The Vineyard recently received an honored guest and a living historical figure to its shores. On Wednesday, the Honorable Marie-Laurence Jocelyn Lassegue, Haiti’s minister of women’s affairs and rights since 2006, came to serve as guest of honor at a weekend-long celebration of solidarity between the island of Hispaniola and Martha’s Vineyard, sponsored by the Vineyard organizations Peacequilts and MV Fish Farm for Haiti.

A pioneer of the women’s rights movement in Haiti, Ms. Lassegue has garnered considerable support for her pioneering role in passing progressive legislation on domestic labor. Recently Ms. Lassegue was at the helm of a revolutionary movement to push through laws regulating domestic laborers. Previously, domestic employees were subject to the whim of their employers; they are now legally protected against excessive hours and abuse. Furthermore, the new legislation makes it possible for many of these workers, 90 per cent of whom are women, to pursue education (the literacy rate of women is 47.8 per cent). Now the minister is fighting in parliament to pass legislation that would compel paternal responsibility in the region, where roughly 80 per cent of children are not acknowledged by their fathers and an overwhelming number of families are headed by females.

At a talk at the Oak Bluffs library, Ms. Lassegue laid out her politics and the inspiration behind her work: “Haitian women are not sufficiently acknowledged or valued, and they are pillars of their communities,” she conveyed through a translator. She described her grassroots investigatory work meeting with Haitian women as trying to “understand what their reality is.”

Her ministry is also concerned in minimizing the day-to-day stereotyping of women, in a country which has long been dominated by males in the public sphere. A documentary screened at the event showed a workshop for textbook publishing companies, trying to help them minimize their implicit stereotyping. Ms. Lassegue mentioned in the documentary that yet another change she is pursuing is the defeminization of poverty and AIDS.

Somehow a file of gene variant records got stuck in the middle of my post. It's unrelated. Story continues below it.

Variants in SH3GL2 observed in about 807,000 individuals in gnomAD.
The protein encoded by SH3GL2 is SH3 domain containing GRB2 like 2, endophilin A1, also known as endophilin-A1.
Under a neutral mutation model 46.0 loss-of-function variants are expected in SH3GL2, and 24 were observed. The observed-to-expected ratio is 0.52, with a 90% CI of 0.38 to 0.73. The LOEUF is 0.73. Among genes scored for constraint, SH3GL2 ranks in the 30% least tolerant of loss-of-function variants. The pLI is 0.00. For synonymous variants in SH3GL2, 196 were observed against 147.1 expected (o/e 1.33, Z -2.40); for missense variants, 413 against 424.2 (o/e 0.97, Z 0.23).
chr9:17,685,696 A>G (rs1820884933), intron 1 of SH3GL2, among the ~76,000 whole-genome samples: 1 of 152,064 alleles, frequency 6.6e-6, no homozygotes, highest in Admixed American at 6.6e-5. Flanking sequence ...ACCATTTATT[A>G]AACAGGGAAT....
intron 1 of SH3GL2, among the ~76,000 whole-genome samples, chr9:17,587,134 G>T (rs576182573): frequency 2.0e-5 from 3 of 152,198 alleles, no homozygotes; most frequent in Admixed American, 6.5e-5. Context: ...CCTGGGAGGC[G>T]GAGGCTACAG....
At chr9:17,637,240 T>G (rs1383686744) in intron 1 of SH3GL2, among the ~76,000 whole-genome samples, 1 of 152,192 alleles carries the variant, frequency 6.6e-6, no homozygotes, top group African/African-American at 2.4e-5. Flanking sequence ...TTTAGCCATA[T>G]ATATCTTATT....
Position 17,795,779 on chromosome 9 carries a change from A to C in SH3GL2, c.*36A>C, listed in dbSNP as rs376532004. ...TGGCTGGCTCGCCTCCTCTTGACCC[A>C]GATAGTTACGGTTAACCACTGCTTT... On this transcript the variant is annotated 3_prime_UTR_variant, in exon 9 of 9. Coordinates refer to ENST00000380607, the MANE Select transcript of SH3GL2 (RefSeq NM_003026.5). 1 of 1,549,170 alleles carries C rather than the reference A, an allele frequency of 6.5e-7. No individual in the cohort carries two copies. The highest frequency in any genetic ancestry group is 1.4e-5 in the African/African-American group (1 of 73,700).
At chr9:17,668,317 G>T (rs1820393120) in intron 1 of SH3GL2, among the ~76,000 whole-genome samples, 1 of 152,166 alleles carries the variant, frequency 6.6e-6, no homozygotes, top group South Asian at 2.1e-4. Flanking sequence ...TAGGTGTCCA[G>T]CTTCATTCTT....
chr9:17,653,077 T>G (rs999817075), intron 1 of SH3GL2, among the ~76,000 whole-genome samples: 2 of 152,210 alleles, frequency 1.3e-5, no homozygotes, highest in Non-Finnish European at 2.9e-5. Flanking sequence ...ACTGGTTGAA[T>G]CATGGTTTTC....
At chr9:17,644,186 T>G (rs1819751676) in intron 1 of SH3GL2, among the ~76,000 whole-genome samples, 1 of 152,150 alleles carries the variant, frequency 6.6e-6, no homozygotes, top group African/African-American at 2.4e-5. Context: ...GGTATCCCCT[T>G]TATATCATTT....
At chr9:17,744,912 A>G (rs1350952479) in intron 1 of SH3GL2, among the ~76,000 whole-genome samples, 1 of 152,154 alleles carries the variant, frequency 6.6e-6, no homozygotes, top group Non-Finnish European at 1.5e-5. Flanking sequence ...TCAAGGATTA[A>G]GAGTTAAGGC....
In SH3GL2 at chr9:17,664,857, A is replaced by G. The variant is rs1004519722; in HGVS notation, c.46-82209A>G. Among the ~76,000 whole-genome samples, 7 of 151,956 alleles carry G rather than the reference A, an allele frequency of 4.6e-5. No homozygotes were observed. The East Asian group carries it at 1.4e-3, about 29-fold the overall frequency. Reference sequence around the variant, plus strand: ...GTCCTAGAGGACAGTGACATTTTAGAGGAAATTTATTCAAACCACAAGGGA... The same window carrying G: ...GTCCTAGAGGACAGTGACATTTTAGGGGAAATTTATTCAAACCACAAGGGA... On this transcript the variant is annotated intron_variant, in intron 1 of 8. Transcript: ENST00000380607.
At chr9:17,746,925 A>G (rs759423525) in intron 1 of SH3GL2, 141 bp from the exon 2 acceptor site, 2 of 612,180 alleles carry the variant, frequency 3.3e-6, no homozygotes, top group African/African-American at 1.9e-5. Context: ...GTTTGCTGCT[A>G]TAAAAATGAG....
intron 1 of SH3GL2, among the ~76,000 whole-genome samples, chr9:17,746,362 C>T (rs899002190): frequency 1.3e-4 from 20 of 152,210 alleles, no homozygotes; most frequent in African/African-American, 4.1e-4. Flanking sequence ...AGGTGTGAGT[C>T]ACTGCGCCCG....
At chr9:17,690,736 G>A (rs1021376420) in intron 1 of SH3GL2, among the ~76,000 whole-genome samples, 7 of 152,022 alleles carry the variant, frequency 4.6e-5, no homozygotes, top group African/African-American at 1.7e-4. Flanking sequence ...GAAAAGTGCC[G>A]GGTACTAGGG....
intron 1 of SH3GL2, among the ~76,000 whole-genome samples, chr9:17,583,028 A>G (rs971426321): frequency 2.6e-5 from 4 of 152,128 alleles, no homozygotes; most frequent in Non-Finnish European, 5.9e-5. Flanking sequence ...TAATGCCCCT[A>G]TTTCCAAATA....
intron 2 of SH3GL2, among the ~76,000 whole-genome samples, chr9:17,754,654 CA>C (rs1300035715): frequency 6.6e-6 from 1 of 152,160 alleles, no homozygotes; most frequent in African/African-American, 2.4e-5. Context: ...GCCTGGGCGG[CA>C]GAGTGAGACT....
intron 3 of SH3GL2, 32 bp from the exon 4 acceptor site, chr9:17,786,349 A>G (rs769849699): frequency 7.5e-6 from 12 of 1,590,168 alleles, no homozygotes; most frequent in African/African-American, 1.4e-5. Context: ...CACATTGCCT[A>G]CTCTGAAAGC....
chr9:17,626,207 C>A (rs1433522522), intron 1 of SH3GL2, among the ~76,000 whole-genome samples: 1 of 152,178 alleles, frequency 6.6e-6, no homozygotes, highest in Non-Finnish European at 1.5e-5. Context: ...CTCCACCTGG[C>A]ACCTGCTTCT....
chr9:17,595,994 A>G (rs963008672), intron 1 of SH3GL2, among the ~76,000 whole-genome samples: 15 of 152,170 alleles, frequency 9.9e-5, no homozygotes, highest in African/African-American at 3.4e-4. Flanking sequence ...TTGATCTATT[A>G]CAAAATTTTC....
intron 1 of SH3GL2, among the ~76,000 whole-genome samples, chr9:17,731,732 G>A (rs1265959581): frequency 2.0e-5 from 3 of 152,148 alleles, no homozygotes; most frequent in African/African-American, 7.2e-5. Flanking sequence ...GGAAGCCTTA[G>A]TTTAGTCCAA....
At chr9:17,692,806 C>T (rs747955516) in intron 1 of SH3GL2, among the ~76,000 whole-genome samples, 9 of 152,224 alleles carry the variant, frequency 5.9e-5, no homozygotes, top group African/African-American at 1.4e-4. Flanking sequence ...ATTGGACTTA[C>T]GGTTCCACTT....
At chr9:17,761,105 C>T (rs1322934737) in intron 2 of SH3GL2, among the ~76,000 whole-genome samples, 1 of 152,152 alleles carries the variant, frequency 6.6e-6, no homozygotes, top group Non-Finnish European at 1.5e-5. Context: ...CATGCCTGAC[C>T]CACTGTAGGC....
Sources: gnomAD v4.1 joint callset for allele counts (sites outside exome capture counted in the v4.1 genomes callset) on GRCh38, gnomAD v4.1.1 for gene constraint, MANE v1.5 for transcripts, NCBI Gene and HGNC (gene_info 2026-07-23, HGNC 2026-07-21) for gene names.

While the library talk served as an educational presentation, much of the weekend was dedicated to celebrating solidarity and sorority, two themes which the minister said were at the heart of her work. The weekend’s events included a three-day tennis tournament at the Martha’s Vineyard Resort in Oak Bluffs and a gala reception for the MV Fish Farm for Haiti’s seventh annual Haitian Art Sale benefit, which featured live music from Haitian artist Didi Jeremie.

An example of the solidarity and sorority that Jocelyn Lassegue hopes to encourage is the Island’s own Margaret Penicaud, who in 1998, began the Fish Farm for Haiti, a project which would pledge itself to increase self-sufficiency and educational resources in the town of Lilavois, Haiti, near the capital city Port-au-Prince. “We are, for the most part, women helping women,” Mrs. Penicaud said. Since the group was founded 11 years ago, local fund-raising events, private donations and on-site work have contributed to the beginning of construction on a new school and living quarters, a newly drilled well, five ponds where tilapia are being harvested, new vegetable gardens, and is now currently going towards developing a chicken coop.

Since the time when Mrs. Penicaud began the project, little has changed for the economic welfare of Haiti, which still ranks as the poorest country in the Western Hemisphere. Indeed, the region is still deserving of attention and aid. “We need some good press for Haiti . . . there’s so much bad press,” Mrs. Penicaud lamented. “We need to spark an interest in our neighbors. Haiti is only a two-hour flight from Miami.” Although this year’s benefit did not generate the donations it has in the past, Mrs. Penicaud called it a success in the context of the national and local economic hardship.